Practical Analysis: Why There's A Blade Server In Your Future - InformationWeek
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Art Wittmann
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Practical Analysis: Why There's A Blade Server In Your Future

Intel's latest chip architecture addresses some major impediments to building high-performing, multi-CPU systems.

Chip junkies-silicon, not potato-have been hearing about Nehalem for two years. It's Intel's latest microarchitecture, and it's one of a number of developments causing servers to morph toward blades. The recurring themes in the pressure on server architectures are bandwidth and efficiency. These changes are sweeping enough that they should have you rethinking what you want out of servers and how you deploy applications going forward.

Over the past two weeks, Cisco made waves with its unified computing announcements, which call for a single 10-Gb pipe into the server. This week it's Intel's turn. Intel has gotten into a rhythm of alternating the announcement of smaller transistor gates--some as small as 32 nanometers--and new architectures. Recent architectural announcements have been all about getting more than one processor core onto a chip, an important design change by any measure. As Intel has been packing more cores onto the chip, it hasn't been changing other system features. Most notably, it has kept its "front side bus" architecture longer than it should have.

In its existing architecture, an external memory controller acts as a bridge between main memory and processor cores. For New Yorkers and San Franciscans, the term "bridge" is especially relevant. Just as traffic over the Bay Bridge or through the Holland Tunnel is always backed up, so it is with Intel's existing architecture. This is one area where Advanced Micro Devices' Opteron had a superior design over Intel's previous Xeons. Like the Opteron, Intel has moved the memory controller onto the chip and added a high-speed interconnect by which it can communicate with other processor chips or I/O controllers.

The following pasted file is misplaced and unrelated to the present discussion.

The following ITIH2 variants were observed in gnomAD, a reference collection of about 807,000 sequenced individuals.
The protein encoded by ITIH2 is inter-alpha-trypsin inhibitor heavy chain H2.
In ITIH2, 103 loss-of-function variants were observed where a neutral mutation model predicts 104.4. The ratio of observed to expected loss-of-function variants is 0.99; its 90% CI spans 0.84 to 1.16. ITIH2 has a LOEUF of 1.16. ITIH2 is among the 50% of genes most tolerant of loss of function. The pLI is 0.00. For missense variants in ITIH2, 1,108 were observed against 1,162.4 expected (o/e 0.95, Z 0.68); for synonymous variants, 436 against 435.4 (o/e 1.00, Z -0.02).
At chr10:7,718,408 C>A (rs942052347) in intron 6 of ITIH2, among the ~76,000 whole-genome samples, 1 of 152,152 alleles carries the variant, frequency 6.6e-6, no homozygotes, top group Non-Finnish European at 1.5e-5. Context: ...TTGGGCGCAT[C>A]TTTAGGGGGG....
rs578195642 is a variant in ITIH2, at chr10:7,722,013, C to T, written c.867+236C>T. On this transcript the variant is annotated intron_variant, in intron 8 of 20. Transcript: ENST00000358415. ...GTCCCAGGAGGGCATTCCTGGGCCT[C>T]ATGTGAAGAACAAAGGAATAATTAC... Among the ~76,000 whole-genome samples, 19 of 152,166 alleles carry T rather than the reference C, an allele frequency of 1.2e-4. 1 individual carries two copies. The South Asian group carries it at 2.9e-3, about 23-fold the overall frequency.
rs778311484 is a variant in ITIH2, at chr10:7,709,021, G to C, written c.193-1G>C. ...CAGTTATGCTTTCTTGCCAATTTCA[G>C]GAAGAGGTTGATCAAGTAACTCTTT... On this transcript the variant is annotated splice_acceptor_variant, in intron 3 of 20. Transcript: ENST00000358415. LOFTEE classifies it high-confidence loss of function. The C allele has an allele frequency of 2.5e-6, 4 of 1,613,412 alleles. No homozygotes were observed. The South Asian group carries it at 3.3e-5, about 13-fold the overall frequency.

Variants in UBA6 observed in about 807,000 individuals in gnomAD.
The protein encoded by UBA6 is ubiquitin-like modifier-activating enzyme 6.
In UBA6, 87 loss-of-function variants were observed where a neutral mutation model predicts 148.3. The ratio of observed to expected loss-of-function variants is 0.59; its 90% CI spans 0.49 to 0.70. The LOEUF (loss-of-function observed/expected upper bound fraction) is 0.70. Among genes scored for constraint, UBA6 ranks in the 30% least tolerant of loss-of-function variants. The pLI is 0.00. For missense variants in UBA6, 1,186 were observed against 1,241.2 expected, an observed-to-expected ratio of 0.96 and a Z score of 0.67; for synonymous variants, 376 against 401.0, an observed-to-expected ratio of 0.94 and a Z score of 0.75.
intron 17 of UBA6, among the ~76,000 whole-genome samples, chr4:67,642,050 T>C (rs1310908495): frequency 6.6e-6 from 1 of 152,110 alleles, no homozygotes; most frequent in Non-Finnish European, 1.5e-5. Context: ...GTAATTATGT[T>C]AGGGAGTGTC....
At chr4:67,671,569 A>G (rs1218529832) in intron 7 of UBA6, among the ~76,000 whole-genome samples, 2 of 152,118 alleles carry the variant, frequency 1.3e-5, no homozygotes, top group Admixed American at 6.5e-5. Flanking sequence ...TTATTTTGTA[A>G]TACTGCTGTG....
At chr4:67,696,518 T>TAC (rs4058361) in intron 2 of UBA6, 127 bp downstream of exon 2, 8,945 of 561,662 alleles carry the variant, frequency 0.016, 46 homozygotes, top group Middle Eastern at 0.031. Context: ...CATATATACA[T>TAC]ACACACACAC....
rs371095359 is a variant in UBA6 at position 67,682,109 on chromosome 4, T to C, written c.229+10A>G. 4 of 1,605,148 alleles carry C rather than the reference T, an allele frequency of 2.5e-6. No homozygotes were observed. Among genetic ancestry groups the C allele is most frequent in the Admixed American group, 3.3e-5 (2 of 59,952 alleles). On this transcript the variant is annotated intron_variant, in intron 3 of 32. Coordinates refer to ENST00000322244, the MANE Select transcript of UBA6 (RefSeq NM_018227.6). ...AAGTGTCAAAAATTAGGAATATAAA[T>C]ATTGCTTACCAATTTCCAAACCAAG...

The result is a lot more bandwidth overall, and a far superior design for multisocket servers. Expect to see servers routinely packing four quad-core chips and a lot of memory.

Intel has gotten very practical about its chip enhancements. The ones I've mentioned here and some I haven't mentioned are intended to make Intel's chips a better platform for virtualization. Intel also has added some instructions that will speed up HTML and XML processing. Others in the future will enable faster encryption on the chip.

A third factor that will change server design is the use of solid-state drives (SSDs). While application data and virtual machine images belong on SANs, there's still a need for local storage on servers. Spinning disk drives, which are slow and power hungry, are now giving way to SSDs. While SSDs are still more expensive than spinning disks on a price-per-byte basis, that gap is closing. The result will be higher-performing servers with no moving parts (except for the fans--these servers will run hot).

Cisco got its news out early by referring to future Nehalem chips. Now expect Dell, IBM, Hewlett-Packard, and others to follow. If there were any doubts that virtualization will change the face of the data center, Intel is doing its best to assuage them.

Art Wittmann is director of InformationWeek Analytics. Write to him at

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